Look, we know Texas contains multitudes. Queso and brisket and big hats but also Ted Cruz. What a melange! Time to add big-time voting state to the mix this year. You literally have a lot of ground to cover so here's what you need to know to be a voter in the Lone Star State.

Be a voter

Key Dates

Oct 11

Voter Registration Deadline

Oct 20

Recommended Absentee/Mail-In Ballot Request Deadline

Oct 28

Absentee/Mail-in Ballot Request Deadline

Oct 24 – Nov 4

Early Voting

Nov 8

General Election

Nov 9

Absentee/Mail-in Ballot Return Deadline (by mail, MUST be postmarked by Election Day)

Texas Voter Guide

  • How do I make sure I'm registered to vote?

    We always encourage people to check their registrations, but it's especially important in Texas this year, as there have been reports this year of registration data being lost or voters being purged from the rolls. If you're not registered, you can get registered online. If you're unsure about anything, please contact your County Elections Administrator, as they are responsible for maintaining the voter rolls in Texas.

    Check Registration Get Registered Contact your County Elections Official
  • Can I register the same day I want to vote?

    Sadly, no. So do it now! Then reward yourself with a cookie.

    Get Registered
  • Can I vote by mail?

    No, only certain voters are eligible to vote by mail/absentee in Texas. Check if you qualify and learn about the process for casting a ballot by mail.

    Learn More
  • Can I vote early?

    Yes! You can vote between October 24th and November 4th.

  • Do I need an ID?

    Yes, yes you do. A Texas driver's license, Texas election ID certificate, state personal ID card, handgun license, military ID card, US passport or US citizenship certificate are ideal. If you do not have one of those, you may use a voter registration certificate, certified birth certificate, utility bill, bank statement, paycheck, or government document AND sign a "Reasonable Impediment" document explaining why you're unable to obtain an acceptable photo ID. Get all the info you need below from VoteRiders.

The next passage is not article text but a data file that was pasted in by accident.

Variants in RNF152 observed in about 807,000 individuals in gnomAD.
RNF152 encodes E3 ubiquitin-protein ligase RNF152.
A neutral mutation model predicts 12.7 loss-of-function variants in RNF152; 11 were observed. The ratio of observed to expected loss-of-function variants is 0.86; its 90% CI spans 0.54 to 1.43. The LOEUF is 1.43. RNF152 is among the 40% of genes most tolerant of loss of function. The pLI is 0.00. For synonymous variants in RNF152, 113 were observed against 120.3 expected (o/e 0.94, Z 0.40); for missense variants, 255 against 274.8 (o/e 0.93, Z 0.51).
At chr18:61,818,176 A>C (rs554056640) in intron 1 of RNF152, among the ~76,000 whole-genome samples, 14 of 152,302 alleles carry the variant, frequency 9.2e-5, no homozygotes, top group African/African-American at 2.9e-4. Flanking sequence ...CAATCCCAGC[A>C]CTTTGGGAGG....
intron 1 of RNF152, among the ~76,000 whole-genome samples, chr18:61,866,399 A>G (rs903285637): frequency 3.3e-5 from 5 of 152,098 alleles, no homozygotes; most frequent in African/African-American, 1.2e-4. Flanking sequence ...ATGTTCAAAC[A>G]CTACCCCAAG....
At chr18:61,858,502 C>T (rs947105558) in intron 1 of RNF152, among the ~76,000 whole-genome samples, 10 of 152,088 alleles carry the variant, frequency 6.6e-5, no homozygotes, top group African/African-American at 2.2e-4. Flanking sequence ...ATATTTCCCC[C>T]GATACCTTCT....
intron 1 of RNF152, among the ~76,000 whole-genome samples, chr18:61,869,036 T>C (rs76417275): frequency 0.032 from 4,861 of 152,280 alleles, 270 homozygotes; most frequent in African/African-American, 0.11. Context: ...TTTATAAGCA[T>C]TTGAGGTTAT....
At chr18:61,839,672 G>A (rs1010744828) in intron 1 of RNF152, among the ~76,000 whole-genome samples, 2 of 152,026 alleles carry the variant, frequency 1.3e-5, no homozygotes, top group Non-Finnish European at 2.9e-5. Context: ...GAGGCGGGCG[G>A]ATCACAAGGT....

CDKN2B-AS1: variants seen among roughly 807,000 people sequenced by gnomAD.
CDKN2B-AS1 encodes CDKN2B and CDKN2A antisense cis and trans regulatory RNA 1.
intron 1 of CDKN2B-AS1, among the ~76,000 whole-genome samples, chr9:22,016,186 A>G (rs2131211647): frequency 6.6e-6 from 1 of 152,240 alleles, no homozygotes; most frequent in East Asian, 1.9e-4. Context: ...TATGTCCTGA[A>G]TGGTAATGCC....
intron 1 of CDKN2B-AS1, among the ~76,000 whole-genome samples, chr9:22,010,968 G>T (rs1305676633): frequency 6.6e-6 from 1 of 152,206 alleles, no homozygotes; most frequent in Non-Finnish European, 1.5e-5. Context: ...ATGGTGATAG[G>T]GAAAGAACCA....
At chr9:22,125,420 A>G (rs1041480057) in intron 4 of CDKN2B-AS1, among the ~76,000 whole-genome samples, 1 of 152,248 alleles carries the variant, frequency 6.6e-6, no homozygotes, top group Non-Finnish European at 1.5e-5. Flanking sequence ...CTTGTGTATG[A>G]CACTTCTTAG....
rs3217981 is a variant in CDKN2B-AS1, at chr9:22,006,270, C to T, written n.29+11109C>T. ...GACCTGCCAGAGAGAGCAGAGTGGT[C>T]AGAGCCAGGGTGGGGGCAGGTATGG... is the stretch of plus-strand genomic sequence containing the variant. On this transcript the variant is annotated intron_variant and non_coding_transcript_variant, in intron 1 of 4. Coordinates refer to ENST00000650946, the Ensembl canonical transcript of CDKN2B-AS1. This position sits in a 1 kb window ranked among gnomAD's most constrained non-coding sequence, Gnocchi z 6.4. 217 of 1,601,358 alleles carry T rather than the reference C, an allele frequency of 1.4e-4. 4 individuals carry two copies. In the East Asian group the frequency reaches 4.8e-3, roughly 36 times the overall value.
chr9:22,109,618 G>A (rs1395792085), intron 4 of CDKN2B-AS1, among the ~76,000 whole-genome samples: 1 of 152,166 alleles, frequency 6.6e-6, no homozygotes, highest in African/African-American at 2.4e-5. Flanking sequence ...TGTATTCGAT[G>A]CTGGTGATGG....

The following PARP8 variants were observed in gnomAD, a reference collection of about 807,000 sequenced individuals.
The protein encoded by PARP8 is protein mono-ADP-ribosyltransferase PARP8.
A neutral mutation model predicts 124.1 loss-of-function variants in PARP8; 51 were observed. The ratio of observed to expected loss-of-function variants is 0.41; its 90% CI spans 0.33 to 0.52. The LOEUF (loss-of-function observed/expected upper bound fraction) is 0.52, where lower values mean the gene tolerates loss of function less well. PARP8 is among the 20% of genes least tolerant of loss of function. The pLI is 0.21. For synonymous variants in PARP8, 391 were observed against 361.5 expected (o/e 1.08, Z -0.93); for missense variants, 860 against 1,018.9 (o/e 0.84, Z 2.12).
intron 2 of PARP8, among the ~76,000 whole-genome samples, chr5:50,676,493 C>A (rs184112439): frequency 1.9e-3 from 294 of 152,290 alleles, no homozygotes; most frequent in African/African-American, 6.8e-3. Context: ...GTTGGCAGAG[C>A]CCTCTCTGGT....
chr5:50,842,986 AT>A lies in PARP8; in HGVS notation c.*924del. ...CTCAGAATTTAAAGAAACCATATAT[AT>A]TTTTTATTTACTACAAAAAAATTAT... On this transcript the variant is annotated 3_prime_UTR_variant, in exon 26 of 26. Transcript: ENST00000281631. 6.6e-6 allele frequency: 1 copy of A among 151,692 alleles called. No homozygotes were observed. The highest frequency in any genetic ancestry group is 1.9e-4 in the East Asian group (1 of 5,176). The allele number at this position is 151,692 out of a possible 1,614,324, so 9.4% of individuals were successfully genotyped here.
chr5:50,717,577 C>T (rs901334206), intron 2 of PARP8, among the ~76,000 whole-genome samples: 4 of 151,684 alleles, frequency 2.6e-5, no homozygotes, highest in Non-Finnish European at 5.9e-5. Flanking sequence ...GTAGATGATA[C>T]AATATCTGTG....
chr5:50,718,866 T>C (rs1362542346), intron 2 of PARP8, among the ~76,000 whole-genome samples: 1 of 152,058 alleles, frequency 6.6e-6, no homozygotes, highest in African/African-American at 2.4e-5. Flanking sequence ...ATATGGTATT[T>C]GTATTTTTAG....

learn more
  • How do I cast my ballot?

    Certain voters may cast a ballot by mail and return it either by mail or in person to the Early Voting Clerk (not at a polling place). All voters may cast a ballot in person or on Election Day. For in-person Election Day voting, the polls will be open from 7am to 7pm. You can find the polling place closest to you here.

    Find Your Polling Place


Since 2020, it’s become harder to cast your ballot in Texas. Here are the changes you need to pay attention to:

When registering to vote…

  • Texas will now send address confirmation notices to people with commercial post offices or other non-residential addresses. If you receive one, you’ll need to affirm your address via mail, including documentation of ID, or risk being taken off the voter roll. This does not apply to military members or college students.

When making a plan to vote…

  • Curbside and overnight voting are no longer available in Texas.
  • Working on Election Day, not having transportation to the polls, and sicknesses not requiring a personal assistant are no longer valid qualifications for requesting an absentee ballot.
  • When voting absentee, you’ll now need to include the last four digits of your SSN or your driver’s license number both on the ballot and on a specific part of the envelope. This number needs to match the form of ID used when registering to vote (if you don’t remember which one you used, put down both.)
  • There’s a new form you must fill out if you are assisting others in filling out their ballot; it’s a felony if you don’t!

When casting your vote…

  • There are no more drop boxes in Texas.
  • There’s a new online ballot tracking system that you can use to ensure your vote is counted.
  • If you requested a mail ballot but are voting in-person, you’ll cast a provisional ballot unless you return the unvoted mail ballot.


  • Get your absentee ballot here!

    Learn More
  • Need to show Voter ID? Not sure what kind? Get the specifics in your state here.

    Learn More
  • Find the details on accessible voting in your state, including early voting, Election Day voting, mail voting, and accessible mail voting tools for people with print disabilities.

    Learn More
  • Ground Game Texas exists to organize and mobilize voters community-by-community, collaborating with partners on the ground to meet voters at their doors, hear their concerns, and highlight popular issues that are on the ballot. Learn more about local issues on your ballot and how you can get involved this year.

    Learn More